Early detection and intervention are essential for preventing clinical deterioration in patients. We are developing a two-tiered clinical warning system designed to identify the signs of clinical deterioration and provide early warning of serious clinical events at general hospital units. The first tier of the system automatically identifies patients at risk of clinical deterioration from existing electronic medical record databases. The second tier performs real-time clinical event detection based on vital sign data collected from on-body wireless sensors attached to those high-risk patients. Wireless sensor networks play an important role in clinical warning by collecting real-time vital signs for clinical decision support. This talk presents the architecture of, and our experiences with, a large-scale wireless clinical monitoring system. Our system encompasses portable wireless pulse oximeters, a wireless relay network spanning multiple hospital floors, and integration with electronic medical record databases. We report our experience and lessons learned from a 14-month clinical trial of the system in six hospital wards of Barnes-Jewish Hospital in St. Louis, Missouri. Our experiences show the feasibility of achieving reliable vital sign collection using a wireless sensor network integrated with hospital IT infrastructure and procedures. We highlight technical and non-technical elements that pose challenges in a real-world hospital environment and provide guidelines for successful and efficient deployment of similar systems. The convergence of wireless sensors, mobile computing, data mining and electronic medical record in clinical warning systems will lead to enhanced quality of care for patients in hospitals and potentially outpatients in their everyday lives.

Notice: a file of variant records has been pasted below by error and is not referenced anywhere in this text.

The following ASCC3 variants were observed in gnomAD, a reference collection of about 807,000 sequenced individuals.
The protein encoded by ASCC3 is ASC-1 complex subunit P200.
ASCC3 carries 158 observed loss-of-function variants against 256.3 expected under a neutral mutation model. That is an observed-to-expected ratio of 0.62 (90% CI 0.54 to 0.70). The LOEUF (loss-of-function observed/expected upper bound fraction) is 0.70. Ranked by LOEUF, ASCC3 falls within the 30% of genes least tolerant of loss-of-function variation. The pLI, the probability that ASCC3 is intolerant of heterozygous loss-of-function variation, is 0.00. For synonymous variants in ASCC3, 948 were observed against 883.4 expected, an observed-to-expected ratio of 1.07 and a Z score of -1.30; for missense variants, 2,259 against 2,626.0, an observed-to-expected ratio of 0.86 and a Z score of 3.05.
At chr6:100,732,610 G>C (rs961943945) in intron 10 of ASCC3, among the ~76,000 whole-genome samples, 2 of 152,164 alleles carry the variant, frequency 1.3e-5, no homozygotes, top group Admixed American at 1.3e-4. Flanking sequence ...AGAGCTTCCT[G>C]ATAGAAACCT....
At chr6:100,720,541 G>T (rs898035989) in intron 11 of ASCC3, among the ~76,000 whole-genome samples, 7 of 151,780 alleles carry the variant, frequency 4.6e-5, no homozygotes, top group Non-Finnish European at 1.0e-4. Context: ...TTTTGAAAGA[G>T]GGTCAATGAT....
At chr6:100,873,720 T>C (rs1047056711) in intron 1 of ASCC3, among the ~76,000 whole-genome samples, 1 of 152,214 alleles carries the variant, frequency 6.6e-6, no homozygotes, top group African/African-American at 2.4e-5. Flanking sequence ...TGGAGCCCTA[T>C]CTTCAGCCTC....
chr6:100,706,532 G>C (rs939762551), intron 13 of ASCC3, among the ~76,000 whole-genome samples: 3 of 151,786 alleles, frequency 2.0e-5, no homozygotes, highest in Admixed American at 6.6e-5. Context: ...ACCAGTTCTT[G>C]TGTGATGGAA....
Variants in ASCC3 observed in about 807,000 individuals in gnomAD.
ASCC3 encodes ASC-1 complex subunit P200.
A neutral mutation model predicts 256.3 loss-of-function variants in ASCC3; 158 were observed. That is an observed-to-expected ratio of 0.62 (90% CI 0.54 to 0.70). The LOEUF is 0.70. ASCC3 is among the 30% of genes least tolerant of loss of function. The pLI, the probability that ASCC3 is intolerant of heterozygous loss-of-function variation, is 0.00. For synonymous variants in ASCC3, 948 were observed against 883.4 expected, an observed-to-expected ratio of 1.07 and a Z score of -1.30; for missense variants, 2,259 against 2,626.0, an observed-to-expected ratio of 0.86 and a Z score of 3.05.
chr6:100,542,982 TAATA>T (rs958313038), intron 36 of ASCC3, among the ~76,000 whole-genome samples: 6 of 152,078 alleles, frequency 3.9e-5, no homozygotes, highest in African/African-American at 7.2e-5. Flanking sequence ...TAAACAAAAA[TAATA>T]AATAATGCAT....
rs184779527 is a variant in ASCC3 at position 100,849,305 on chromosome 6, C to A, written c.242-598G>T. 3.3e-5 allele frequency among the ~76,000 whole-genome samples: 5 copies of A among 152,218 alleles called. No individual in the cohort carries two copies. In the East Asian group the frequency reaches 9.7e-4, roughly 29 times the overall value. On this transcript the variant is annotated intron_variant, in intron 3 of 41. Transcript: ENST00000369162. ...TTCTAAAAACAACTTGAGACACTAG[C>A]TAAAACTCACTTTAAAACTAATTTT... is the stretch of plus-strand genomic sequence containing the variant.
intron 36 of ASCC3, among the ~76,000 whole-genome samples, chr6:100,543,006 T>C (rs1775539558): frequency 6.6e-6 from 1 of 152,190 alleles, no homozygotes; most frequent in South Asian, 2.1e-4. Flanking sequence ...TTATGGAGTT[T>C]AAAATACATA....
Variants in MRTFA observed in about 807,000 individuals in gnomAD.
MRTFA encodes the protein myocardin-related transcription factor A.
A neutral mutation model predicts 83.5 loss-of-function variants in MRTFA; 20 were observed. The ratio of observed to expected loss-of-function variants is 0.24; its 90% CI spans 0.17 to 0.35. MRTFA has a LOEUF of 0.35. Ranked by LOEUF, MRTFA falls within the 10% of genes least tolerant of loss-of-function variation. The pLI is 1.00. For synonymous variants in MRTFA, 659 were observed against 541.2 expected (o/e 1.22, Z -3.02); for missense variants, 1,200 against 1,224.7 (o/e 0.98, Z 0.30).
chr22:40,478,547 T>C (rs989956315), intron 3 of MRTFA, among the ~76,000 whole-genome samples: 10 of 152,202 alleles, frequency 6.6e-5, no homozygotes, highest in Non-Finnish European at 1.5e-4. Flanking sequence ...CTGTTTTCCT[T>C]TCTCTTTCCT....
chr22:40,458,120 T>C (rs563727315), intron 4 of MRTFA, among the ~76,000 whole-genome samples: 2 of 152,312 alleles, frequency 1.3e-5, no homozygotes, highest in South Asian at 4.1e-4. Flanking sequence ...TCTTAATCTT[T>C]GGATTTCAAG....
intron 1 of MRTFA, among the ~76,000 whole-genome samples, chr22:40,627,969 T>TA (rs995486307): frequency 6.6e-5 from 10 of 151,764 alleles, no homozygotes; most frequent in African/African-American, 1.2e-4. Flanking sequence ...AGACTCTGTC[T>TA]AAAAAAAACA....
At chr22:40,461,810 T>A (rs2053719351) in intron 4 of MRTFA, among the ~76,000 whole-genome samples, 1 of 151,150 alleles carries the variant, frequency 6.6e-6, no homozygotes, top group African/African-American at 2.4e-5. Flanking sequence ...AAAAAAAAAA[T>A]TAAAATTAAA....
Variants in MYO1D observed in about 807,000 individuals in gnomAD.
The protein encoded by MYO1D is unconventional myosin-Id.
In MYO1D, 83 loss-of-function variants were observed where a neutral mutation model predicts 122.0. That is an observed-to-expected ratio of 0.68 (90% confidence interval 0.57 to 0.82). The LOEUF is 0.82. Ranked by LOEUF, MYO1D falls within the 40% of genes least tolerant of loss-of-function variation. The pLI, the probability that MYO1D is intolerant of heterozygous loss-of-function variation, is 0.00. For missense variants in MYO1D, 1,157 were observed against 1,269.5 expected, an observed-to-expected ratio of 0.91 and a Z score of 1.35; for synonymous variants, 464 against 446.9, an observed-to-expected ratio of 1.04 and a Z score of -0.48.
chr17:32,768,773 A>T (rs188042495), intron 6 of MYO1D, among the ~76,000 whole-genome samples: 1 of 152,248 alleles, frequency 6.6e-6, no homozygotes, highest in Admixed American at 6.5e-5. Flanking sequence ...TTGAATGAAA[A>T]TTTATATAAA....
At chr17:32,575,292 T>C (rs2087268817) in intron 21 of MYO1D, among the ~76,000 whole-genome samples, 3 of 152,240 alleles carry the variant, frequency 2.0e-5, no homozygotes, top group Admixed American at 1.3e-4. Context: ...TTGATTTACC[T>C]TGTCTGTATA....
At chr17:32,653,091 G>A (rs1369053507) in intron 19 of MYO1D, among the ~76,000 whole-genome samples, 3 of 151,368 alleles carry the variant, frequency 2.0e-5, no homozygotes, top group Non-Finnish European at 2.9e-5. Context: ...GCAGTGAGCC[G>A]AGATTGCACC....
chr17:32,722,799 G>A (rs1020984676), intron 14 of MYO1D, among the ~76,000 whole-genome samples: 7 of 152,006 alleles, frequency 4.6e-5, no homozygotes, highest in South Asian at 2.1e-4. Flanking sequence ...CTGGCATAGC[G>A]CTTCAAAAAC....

Awards and Honors:
- Outstanding Paper Award, Euromicro Conference on Real-Time Systems (2013)
- Best Student Paper Award, IEEE Real-Time Systems Symposium (2012)
- NSF CAREER Award. National Science Foundation (2005)